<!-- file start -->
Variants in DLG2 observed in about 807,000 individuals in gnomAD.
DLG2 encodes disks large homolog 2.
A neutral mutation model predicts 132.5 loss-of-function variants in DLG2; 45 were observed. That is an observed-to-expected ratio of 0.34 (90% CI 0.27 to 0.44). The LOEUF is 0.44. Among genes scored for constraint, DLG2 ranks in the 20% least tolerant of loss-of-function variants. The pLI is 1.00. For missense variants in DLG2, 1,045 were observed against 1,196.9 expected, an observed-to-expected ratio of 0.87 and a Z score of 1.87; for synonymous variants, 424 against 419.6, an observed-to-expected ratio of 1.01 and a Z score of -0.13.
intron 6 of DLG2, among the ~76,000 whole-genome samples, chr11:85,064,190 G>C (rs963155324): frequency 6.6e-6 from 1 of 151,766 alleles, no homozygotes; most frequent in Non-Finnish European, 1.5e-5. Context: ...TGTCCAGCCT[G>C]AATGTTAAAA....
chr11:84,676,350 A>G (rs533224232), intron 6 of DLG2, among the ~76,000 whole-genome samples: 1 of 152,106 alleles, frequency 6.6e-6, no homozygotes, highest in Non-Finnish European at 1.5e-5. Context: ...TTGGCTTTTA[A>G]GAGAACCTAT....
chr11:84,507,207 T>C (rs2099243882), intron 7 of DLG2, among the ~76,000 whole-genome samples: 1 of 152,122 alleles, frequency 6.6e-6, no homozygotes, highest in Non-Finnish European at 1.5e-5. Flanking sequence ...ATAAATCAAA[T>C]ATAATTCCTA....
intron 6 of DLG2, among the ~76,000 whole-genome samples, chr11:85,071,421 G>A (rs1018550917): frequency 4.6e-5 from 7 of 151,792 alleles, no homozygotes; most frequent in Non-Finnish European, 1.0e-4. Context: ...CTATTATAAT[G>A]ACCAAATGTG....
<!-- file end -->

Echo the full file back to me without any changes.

Variants in DLG2 observed in about 807,000 individuals in gnomAD.
DLG2 encodes disks large homolog 2.
A neutral mutation model predicts 132.5 loss-of-function variants in DLG2; 45 were observed. That is an observed-to-expected ratio of 0.34 (90% CI 0.27 to 0.44). The LOEUF is 0.44. Among genes scored for constraint, DLG2 ranks in the 20% least tolerant of loss-of-function variants. The pLI is 1.00. For missense variants in DLG2, 1,045 were observed against 1,196.9 expected, an observed-to-expected ratio of 0.87 and a Z score of 1.87; for synonymous variants, 424 against 419.6, an observed-to-expected ratio of 1.01 and a Z score of -0.13.
intron 6 of DLG2, among the ~76,000 whole-genome samples, chr11:85,064,190 G>C (rs963155324): frequency 6.6e-6 from 1 of 151,766 alleles, no homozygotes; most frequent in Non-Finnish European, 1.5e-5. Context: ...TGTCCAGCCT[G>C]AATGTTAAAA....
chr11:84,676,350 A>G (rs533224232), intron 6 of DLG2, among the ~76,000 whole-genome samples: 1 of 152,106 alleles, frequency 6.6e-6, no homozygotes, highest in Non-Finnish European at 1.5e-5. Context: ...TTGGCTTTTA[A>G]GAGAACCTAT....
chr11:84,507,207 T>C (rs2099243882), intron 7 of DLG2, among the ~76,000 whole-genome samples: 1 of 152,122 alleles, frequency 6.6e-6, no homozygotes, highest in Non-Finnish European at 1.5e-5. Flanking sequence ...ATAAATCAAA[T>C]ATAATTCCTA....
intron 6 of DLG2, among the ~76,000 whole-genome samples, chr11:85,071,421 G>A (rs1018550917): frequency 4.6e-5 from 7 of 151,792 alleles, no homozygotes; most frequent in Non-Finnish European, 1.0e-4. Context: ...CTATTATAAT[G>A]ACCAAATGTG....